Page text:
Some Local History

These days most people tend to take flying for granted. Millions of passengers and tons of freight are so routinely transported at high speed across such vast distances from large airports that it has become just another conveyance. By the time we hurriedly plunk down the credit card so that we may be transported from point “A” to point “B” the raw fascination of flight is all but lost. The further we progress in aviation the more we need a place like a little grass strip in order to maintain some perspective.

Aviators, airplanes and grass strips like this one share a closeness that started in the earliest days of flight. Back in the dawn of modern aviation, many small fields served as the venue for the returning World War I flier or the inspired home-taught barnstormer who plied his passions to the fascination of the local townspeople. One of the first of these fields, officially called The DeKalb County Airport, was located just less than two miles west of where The Hinckley Airport is today. This historic location was just such a place.

Pilots at the airport

Pilots at the airport

First established in 1924 in an area noted by the Chief of Airmail Service as “Excellent flying country”, this very first dedicated commercial airfield between Chicago and the Mississippi River was better known to the locals as the “Waterman” airport. It was established by a corporation of business and professional men from the towns of Hinckley, Waterman and DeKalb in order to provide a U.S. Airmail Service auxiliary landing field midway between Moline and Checkerboard Field in Maywood, IL (Chicago’s airport before Midway). This airmail service pre-dated the construction of the coast to coast Lincoln Highway (US 30) so soon a relocation of the original field to a site near the a railway was essential: If the weather grounded an airmail flight, a train (which ran on the tracks that still exist just south of the field) could be flagged down and the mail would continue by rail.

The Eakle family managed the airport, served as Airmail Service Weather Bureau observers and also operated a very successful restaurant in the terminal building which was also their home. A veritable who’s who of early aviators regularly frequented the airport mostly because of Mrs Eakle’s famous cooking and Mr. Eakle’s great hospitality. While serving its essential purpose supporting the early Omaha – Chicago airmail service well, local citizens remember the airfield more as a fun and exciting place to spend time. The patrons of the airport kept and maintained their airplanes there. Flight instruction was offered; informal air shows were held on weekends and yes, there were even gliders and parachutists!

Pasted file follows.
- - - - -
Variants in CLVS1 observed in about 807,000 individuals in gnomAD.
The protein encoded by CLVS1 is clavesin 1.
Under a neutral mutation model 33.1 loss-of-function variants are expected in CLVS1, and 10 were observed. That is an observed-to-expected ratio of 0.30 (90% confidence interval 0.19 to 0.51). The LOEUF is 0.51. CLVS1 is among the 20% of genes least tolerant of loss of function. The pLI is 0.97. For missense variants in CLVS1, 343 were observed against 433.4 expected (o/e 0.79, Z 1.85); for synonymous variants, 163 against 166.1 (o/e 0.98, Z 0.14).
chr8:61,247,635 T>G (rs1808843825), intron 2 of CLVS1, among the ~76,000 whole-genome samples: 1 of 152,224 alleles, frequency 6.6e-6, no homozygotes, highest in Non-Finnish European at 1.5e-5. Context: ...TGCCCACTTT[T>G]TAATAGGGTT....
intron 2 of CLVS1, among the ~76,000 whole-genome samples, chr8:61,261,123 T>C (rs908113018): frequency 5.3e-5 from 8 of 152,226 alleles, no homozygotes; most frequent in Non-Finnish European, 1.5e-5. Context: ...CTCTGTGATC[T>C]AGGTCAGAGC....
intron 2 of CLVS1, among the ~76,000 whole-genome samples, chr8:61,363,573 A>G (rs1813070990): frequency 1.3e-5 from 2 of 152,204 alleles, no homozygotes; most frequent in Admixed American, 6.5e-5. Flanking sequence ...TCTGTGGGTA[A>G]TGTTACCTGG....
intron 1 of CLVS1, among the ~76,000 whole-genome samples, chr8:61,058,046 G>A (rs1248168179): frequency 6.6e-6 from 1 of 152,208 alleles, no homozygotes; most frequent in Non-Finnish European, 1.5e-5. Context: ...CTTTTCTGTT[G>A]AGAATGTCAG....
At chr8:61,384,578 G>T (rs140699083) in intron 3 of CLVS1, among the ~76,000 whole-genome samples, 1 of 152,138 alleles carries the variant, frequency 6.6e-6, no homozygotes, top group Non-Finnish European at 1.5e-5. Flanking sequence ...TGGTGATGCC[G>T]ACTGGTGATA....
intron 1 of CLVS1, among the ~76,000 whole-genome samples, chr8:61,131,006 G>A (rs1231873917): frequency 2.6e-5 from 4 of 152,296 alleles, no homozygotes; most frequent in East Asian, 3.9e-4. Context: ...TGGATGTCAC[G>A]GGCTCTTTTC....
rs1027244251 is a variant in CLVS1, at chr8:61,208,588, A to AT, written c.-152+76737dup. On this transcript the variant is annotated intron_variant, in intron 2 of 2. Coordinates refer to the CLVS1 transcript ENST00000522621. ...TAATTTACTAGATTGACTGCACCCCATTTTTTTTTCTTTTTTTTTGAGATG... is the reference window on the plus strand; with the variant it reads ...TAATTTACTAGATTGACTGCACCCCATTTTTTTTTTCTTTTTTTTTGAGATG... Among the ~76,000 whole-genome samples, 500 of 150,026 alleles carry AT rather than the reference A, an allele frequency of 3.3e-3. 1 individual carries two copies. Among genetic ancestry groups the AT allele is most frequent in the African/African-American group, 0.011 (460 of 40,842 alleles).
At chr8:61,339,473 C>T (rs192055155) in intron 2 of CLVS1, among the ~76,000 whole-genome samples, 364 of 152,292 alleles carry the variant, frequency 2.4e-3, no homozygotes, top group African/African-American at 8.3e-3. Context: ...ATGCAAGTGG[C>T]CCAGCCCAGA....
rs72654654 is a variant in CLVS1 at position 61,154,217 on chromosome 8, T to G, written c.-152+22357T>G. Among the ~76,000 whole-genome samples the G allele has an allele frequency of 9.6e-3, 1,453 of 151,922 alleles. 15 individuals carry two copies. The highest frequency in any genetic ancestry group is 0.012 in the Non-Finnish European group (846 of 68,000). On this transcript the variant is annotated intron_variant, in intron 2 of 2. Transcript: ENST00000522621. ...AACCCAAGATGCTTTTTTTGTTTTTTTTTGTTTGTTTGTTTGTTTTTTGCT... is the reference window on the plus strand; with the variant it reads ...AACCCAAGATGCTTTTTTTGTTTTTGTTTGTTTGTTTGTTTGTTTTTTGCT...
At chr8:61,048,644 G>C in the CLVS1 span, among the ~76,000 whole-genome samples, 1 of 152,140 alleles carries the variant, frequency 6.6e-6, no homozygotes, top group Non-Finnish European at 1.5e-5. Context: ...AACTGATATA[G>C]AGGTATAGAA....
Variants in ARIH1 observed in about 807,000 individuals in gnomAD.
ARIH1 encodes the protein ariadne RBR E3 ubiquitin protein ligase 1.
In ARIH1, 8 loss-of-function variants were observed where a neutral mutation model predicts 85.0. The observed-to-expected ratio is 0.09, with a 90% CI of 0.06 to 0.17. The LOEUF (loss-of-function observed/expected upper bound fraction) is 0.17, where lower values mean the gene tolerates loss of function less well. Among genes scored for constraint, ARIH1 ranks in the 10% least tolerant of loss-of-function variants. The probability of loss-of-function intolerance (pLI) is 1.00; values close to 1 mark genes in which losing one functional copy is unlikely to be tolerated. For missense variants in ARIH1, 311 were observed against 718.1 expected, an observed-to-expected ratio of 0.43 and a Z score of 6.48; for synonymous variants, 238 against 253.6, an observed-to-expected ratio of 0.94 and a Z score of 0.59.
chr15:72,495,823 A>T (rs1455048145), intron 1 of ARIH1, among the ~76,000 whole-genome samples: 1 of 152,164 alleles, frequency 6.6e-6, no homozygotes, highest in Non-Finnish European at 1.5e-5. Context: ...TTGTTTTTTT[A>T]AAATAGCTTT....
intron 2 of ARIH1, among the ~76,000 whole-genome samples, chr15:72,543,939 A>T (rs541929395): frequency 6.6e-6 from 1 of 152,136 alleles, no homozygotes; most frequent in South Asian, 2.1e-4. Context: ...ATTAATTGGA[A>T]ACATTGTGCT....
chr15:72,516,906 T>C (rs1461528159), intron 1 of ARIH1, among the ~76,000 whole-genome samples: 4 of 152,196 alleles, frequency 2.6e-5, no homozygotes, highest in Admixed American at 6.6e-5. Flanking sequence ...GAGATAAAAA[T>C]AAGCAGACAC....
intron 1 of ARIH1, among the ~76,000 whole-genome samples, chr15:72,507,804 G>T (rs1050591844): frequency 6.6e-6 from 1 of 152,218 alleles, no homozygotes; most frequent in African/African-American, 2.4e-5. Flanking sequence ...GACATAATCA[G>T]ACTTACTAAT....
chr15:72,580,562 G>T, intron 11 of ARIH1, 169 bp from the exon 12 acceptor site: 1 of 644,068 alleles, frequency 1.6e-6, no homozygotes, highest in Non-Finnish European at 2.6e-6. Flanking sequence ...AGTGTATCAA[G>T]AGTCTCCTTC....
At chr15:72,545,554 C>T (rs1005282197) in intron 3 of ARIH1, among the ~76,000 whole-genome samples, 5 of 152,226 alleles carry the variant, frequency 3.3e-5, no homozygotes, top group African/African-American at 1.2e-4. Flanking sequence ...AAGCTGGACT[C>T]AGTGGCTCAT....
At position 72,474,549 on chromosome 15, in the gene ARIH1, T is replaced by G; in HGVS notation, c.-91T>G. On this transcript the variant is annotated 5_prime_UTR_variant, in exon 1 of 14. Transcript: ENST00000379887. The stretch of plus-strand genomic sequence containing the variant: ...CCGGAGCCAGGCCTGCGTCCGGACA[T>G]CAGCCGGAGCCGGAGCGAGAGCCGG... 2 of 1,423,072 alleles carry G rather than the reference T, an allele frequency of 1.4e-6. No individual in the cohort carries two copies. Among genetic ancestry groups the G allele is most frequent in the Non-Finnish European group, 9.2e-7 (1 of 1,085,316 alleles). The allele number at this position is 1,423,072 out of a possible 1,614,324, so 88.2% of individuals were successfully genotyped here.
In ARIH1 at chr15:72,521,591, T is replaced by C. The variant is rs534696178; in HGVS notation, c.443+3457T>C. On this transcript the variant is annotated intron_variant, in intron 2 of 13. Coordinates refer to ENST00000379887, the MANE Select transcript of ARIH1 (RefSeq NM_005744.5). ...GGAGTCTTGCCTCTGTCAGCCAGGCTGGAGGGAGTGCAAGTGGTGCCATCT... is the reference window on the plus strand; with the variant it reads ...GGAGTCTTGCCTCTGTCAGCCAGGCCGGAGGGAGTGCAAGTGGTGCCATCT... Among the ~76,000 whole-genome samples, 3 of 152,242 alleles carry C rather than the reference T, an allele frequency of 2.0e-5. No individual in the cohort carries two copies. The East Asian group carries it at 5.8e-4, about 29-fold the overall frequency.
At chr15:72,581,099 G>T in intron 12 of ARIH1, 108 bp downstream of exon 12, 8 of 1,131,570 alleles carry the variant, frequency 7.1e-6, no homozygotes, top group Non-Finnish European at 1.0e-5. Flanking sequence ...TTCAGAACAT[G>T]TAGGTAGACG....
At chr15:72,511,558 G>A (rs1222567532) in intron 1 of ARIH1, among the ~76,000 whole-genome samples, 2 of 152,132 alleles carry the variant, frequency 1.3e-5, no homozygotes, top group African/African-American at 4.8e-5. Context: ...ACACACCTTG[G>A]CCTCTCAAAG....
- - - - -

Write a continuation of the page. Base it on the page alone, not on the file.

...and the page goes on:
Like its predecessor, The Hinckley Airport is also a grass strip but today this is by choice, not necessity. Old airplanes, like many of those that still frequent our airport today, just don’t behave well on the pavement of modern airports. With squealing tires, a concrete runway expresses its contempt with every landing. Our grass runway receives an airplane with care and provides a smooth, forgiving surface from which to operate.

Flying from a grass landing strip like ours however does present a whole chain of circumstances that would be familiar to those early aviators but are nearly forgotten today. It all begins with the fact that flight operations here can sometimes be very impractical. Our turf runway is much like the fairway of a golf course or for that matter, your front lawn and, while it handles much more traffic, it requires equally more care. Once abused, only inordinate amounts of time and effort will put it right.

Just as it was in the early days, there are times at this airport when field conditions make coffee drinking and hangar flying about the only really practical activities. The people drawn to this place are here not to pursue flying as a modern, practical business but to preserve a special corner of the world, a community populated by old and fun airplanes; biplanes and Cubs, sailplanes and homebuilts–all of them wonderfully impractical.

Take away profit and practicality and what is left? Only the love of flight; unadorned and unencumbered by the nonessential.